Greatest Super Bowls of all-time

The Super Bowl, the jewel in the crown of USA’s rich sporting culture, looms large on the horizon, with Super Bowl LV taking place next month at the Raymond James Stadium in Tampa, Florida. With domestic viewing figures topping 100 million last year, and a growing global audience, the Super Bowl is also one of the most bet on events of the year – with the US domestic market alone estimated to be worth nearly $7 billion USD. (Click here for up-to-date odds and the latest NFL money line). While the two sides who will contest the 55th championship game are yet to be decided, one thing is for sure, very few annual sporting events can hold a candle to the NFL’s flagship spectacle. To whet the appetite ahead of Super Bowl LV next month, we have selected five classic Super Bowl encounters.

XXIII (1988) Cincinnati Bengals 16, San Francisco 49ers 20

Regarded as one of the all-time classics, Super Bowl XXIII threw up iconic moments for both coach and player as the 49ers snatched victory over the Bengals in Miami. Head coach Bill Walsh would announce his retirement in the locker room immediately after guiding the 49ers to their third championship under his leadership, before his successor, George Seifert, would lead the team to defend their title a year later. Star quarter-back Joe Montana put in a timeless performance to help his team to the win, but it was wide receiver Jerry Rice who would win the MVP award after scoring the winning touchdown, and setting a Super Bowl record for catching 11 passes for 215 yards.

New England Patriots quarterback Tom Brady looks to throw a pass against the New York Jets at MetLife Stadium on November 22, 2012 in East Rutherford, New Jersey

Quarter-back Tom Brady inspired the New England Patriots to Super Bowl victory back in 2014. Image credit: Debby Wong/

XLIX (2014) New England Patriots 28, Seattle Seahawks 24

Tied at 14-14 at half-time, defending champions, Pete Carroll’s Seahawks, built up a 10-point lead by the end of the third quarter, and looked in good shape to go back-to-back against Belichick’s Patriots. However, a Tom Brady inspired Patriots rallied to take a four-point lead into the dying stages, with the Seahawks finishing strongly. With 26 seconds left on the clock, Seattle had penned the Patriots back onto their own 1-yard line and looked set to snatch the victory, only for star quarter-back Russell Wilson to see his pass intercepted by rookie Malcolm Butler, whose career will forever be defined by that championship-winning intervention.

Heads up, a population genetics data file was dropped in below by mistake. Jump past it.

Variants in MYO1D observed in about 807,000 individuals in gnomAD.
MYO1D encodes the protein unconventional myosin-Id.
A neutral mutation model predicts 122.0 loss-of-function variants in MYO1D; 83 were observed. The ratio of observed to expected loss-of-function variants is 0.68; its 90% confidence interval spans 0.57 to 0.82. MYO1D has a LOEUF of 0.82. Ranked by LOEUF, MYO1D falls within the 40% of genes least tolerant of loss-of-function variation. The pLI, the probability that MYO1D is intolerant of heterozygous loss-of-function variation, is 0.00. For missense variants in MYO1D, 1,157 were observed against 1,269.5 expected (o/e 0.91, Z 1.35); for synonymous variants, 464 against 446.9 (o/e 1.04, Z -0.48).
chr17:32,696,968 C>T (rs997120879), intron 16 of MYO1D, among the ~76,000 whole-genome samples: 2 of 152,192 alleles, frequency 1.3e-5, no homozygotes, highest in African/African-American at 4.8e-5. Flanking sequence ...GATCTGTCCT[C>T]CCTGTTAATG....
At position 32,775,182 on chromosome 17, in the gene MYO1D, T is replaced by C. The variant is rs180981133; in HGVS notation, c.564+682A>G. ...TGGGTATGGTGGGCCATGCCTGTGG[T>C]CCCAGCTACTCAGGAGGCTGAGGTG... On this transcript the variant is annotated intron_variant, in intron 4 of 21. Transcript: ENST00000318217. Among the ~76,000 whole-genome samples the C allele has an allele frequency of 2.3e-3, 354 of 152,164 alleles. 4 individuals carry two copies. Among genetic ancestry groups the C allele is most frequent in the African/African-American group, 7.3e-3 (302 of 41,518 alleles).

XXV (1990) Buffalo Bills 19, New York Giants 20

Both sides had posted a 13-3 record in the regular season, but the Bills entered the Super Bowl as seven-point favourites. Remembered as perhaps the closest Super Bowl on record, Bill Parcells’ Giants snuck a one-point victory over the Bills in a game full of drama down to the last, when Scott Norwood’s 47-yard field goal attempt in the dying seconds sailed wide right. The defeat sparked an unwanted record for the Bills, who would reach, and lose, the next three consecutive Super Bowls – a feat unmatched in history.

New York Giants quarterback Eli Manning (10) before the 2011 NFC wild card playoff game against the Atlanta Falcons on January 8, 2012 at MetLife Stadium

Quarter-back Eli Manning’s MVP display helped the New York Giants to Super Bowl success in 2007. Image credit: Debby Wong/

XLII (2007) New York Giants 17, New England Patriots 14

Renowned as perhaps the greatest upset in Super Bowl history, the underdog Giants secured an incredible win over the much-fancied Patriots, who were one win away from going the entire season unbeaten – a feat which had been achieved only once before – by the 1972 Miami Dolphins. While the Patriots had gone 16-0 in the regular season, the Giants had comparatively stuttered into the play-offs with a 10-6 record, but a stunning tactical effort, built on an incredible defensive effort and quarter-back Eli Manning’s MVP display, saw the Giants win the championship with an 83-yard drive in the dying minutes of the game.

LI (2016) New England Patriots 34, Atlanta Falcons 28 (OT)

Even in a sport full of so many contrasting opinions, you will find very few fans arguing against Super Bowl LI being the greatest finale of all-time. The Patriots down 28-3 in the third quarter, it seemed unthinkable that star quarter-back Tom Brady and head coach Bill Belichick would secure their fifth Super Bowl titles, but they did just that in a dramatic and epic comeback victory. The first Super Bowl to ever go into overtime, the Patriots, led by Brady throwing a then-record 466 yards, scored 31 unanswered points to seal a remarkable win.